9 months a 21st-century CMO: A few lessons learned
Nine months ago I became Chief Marketing Officer of an organization described by CEO Bill McDermott as “the defining enterprise software company of the 21st century.”
Great CEOs don’t do it all themselves. They ask, “Who on my team can handle this one?” So when the summons arrived, my mandate was clear: become a defining enterprise software CMO for the 21st century.
The appointment came in the midst of a global pandemic, worldwide supply chain disruptions complicated by war and escalating climate disasters, and a looming pandemic macroeconomic hangover.
So how do I like it so far? It’s been the most demanding, mind-and-soul-expanding, fulfilling, inspiring, and exhilarating experience of my career.
Perhaps some of what I’ve learned after nine months can be helpful to my CMO peers, and to those coming behind us.
Finding a Lens: The Birth of B2P2
Ever since the pandemic put the evolution of everything in hyperdrive, marketers realized the old categories of B2B, B2C, and B2B2C were obsolete. Starting in 2020, our profession embraced the Business to People (B2P) paradigm. Business, fundamentally, is relationships among people. Even in the biggest enterprises, those making momentous decisions are still people.
I soon realized the concept of B2P was still not precise enough. The pandemic has been a global event that, somewhat paradoxically, put an intense spotlight on the personal. In a marketing context, it underlined the centrality of supporting customers’ purpose – personal and organizational – and the need to serve the customers’ customer hierarchy of needs as those needs change over time.
I call this added awareness B2P2, and it is the lens through which I view the entire landscape of being a CMO.
The outdated B2B model: Marketing focused on lead generation and passed it to Sales, then the two functions went back and forth on quality and quantity of marketing-generated leads.
In B2P2, we reframe our entire concept of marketing as a dynamic, immersive, continuous process centered on the needs of customers and their customers. We don’t market to targets, we put ourselves in total service to the experience of the customer and the customers’ customers.
B2P2 changes the fundamentals of Marketing. To be honest, I think our profession could do a better job executing the necessary transitions. Everything around us has changed, and so must our thinking about messaging & positioning, brand strategy, content strategy, media mix/channels, GTM enablement, programs, campaigns, and measurement, among other functions. (I’ll be writing more about each of these in future pieces.)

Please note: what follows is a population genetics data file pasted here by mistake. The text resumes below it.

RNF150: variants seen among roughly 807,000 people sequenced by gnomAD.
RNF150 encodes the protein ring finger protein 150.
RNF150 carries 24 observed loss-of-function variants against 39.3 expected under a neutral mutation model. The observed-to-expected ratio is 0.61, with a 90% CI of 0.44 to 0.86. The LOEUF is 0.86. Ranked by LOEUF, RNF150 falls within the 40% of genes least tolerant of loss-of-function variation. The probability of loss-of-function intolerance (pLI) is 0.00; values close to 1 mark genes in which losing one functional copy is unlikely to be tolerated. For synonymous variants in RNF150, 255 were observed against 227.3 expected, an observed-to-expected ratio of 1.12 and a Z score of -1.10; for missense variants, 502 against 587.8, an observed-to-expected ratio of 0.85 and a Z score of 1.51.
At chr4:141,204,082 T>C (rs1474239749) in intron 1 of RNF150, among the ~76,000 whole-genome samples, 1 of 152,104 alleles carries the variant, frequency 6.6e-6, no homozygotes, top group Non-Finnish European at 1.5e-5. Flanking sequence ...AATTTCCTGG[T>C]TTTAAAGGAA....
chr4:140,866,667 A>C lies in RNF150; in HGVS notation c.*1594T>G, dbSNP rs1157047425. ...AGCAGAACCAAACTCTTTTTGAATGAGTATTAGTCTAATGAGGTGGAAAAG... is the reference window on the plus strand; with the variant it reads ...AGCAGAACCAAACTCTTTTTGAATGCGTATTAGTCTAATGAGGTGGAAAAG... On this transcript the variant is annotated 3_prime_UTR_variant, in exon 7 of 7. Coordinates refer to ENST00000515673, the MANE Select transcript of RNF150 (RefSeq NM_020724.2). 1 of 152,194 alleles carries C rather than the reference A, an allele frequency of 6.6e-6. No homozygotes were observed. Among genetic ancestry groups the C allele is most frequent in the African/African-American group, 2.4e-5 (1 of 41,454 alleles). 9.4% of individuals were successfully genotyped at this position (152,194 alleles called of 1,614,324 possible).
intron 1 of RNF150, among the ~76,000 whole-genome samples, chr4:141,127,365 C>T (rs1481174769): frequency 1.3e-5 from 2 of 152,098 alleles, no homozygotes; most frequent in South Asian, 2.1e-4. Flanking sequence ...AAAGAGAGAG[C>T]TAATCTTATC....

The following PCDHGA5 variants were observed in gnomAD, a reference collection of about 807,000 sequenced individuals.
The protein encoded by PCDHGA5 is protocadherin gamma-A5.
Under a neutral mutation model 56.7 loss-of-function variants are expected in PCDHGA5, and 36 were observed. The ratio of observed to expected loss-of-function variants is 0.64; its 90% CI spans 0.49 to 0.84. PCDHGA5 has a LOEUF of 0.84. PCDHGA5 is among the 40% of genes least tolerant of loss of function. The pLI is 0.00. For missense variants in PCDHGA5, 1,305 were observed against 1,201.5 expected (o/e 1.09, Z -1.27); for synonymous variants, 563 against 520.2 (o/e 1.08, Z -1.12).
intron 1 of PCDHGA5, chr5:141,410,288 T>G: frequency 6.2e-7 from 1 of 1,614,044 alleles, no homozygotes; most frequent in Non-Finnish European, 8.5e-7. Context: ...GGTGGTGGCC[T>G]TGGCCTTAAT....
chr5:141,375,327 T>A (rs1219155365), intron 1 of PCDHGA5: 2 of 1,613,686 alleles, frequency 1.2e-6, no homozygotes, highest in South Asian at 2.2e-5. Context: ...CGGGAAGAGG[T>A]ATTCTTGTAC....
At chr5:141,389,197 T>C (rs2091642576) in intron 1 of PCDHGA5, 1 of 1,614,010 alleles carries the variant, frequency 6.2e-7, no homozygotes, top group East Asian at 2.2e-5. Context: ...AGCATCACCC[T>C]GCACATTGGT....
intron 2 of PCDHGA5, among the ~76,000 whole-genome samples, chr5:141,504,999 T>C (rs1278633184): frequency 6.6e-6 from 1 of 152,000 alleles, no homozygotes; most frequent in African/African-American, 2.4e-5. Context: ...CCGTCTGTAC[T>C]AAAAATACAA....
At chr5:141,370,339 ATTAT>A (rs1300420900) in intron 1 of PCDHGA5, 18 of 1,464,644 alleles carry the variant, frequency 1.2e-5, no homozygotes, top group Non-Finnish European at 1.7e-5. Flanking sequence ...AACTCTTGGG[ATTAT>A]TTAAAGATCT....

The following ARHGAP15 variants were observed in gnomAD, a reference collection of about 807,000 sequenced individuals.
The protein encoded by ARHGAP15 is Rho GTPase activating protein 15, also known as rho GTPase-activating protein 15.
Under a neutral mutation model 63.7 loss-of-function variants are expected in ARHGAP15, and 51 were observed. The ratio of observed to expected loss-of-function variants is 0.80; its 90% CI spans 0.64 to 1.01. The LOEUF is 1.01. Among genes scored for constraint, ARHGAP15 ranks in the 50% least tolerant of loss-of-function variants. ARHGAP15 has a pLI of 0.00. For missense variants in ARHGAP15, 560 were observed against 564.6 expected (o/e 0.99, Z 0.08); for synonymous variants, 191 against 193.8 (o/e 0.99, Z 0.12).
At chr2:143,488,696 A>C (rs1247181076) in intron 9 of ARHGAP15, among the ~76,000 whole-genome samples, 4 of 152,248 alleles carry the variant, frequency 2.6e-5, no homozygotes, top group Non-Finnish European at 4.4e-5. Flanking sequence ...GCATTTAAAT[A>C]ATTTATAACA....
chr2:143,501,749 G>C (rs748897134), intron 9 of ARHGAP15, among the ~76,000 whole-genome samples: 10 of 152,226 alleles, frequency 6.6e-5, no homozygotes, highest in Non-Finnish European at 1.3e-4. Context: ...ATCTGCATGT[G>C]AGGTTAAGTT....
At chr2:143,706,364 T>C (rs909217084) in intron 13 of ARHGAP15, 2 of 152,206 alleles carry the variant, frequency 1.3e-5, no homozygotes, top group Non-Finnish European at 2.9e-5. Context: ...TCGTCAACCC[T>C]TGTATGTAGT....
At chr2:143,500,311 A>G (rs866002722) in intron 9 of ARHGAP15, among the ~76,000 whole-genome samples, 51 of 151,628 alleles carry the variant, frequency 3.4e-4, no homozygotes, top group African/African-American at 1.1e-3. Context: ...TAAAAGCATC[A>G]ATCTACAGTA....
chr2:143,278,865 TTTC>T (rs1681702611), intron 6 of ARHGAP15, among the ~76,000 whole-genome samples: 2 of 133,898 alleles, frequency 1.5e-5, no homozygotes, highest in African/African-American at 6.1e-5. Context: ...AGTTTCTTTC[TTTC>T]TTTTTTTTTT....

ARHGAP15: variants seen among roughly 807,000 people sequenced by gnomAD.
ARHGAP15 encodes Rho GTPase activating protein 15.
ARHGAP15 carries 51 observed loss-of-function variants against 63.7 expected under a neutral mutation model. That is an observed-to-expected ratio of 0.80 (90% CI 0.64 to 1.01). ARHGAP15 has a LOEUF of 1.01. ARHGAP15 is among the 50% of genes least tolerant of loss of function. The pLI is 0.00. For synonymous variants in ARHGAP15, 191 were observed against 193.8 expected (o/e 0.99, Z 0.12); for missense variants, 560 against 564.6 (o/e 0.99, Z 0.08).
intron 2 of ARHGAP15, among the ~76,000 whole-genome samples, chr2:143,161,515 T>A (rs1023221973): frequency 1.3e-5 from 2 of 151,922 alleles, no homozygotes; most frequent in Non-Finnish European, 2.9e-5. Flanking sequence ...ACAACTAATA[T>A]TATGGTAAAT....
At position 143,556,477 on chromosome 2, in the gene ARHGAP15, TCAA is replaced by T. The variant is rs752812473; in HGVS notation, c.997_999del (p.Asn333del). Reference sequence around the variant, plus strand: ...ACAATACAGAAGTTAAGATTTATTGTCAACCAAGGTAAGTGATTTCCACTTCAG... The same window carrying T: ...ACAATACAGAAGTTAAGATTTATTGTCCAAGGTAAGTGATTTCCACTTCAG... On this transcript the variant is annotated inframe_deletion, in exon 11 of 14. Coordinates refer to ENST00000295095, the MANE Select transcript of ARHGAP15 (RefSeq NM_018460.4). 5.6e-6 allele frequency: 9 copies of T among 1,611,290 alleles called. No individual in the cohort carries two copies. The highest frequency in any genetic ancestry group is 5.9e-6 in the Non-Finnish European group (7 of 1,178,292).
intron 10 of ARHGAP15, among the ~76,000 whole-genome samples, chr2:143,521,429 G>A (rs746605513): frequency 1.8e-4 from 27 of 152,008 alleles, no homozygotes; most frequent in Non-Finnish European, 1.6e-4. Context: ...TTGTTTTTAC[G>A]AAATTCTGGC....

Practicing B2P2 Internally: The Leadership Challenge
The need to think and act differently internally is as strong as the external need to serve customers in new ways. Just as ServiceNow’s brand promise is to make the world work for our customers and their customers, as a leader I must serve every team member’s individual purpose, needs, and hunger to unlock their full human potential. (To underscore the importance of purpose, a recent survey by Gloat found 86 percent of employees consider it important their work align with their values and aspirations.)
Much about modern business is new, but some elements are timeless. I keep in mind Peter Drucker’s maxim: “Only three things happen naturally in organizations: friction, confusion, and underperformance. Everything else requires leadership.”
One powerful way to earn a team’s trust as leader is to be open about vulnerability. When a leader is honest about imperfection, admits struggling just as hard as their team to find balance amid tsunamis of uncertainty, the result is mutual empathy, the rocket fuel of team achievement.
Being a CMO requires a 360-degree B2P2 skill set because a Marketing team is uniquely diverse. There are creative experts in colors and copywriting whose job is to connect with customers on emotional and aesthetic levels. There are quant-genius data scientists using powerful analytics to make ad-placement decisions in hundredths of a second. There are product marketing people and customer marketing people, all with different methods and foci. And they’re all on the same team!
A CMO must exercise IQ and EQ muscles equally well, and master the power of “and.” A modern CMO needs empathy to resonate with the story-telling creatives and quant skills to understand the data scientists (and vice versa). Global and local activation. Direct sales and partner/ecosystem enablement.
The CMO also needs financial and P&L acumen, Sales knowledge, and deep product understanding.
Perhaps most challenging of all, the 21st century CMO must solve a myriad of problems…by inspiring the efforts of others. Like the best CEOs, resist the urge to do it themselves.
CMOs must always stick the landing – leading a wildly disparate team, with the broadest spectrum of skills, needs, emotions, and purposes, to the precise, pinpoint mix of integrated, always-on activities that successfully and perpetually keeps the needs, purposes, and experience of customers and their customers sat the center of everything we do.
Challenging? Hell yes. But for some reason I can’t wait to get up and start working every morning.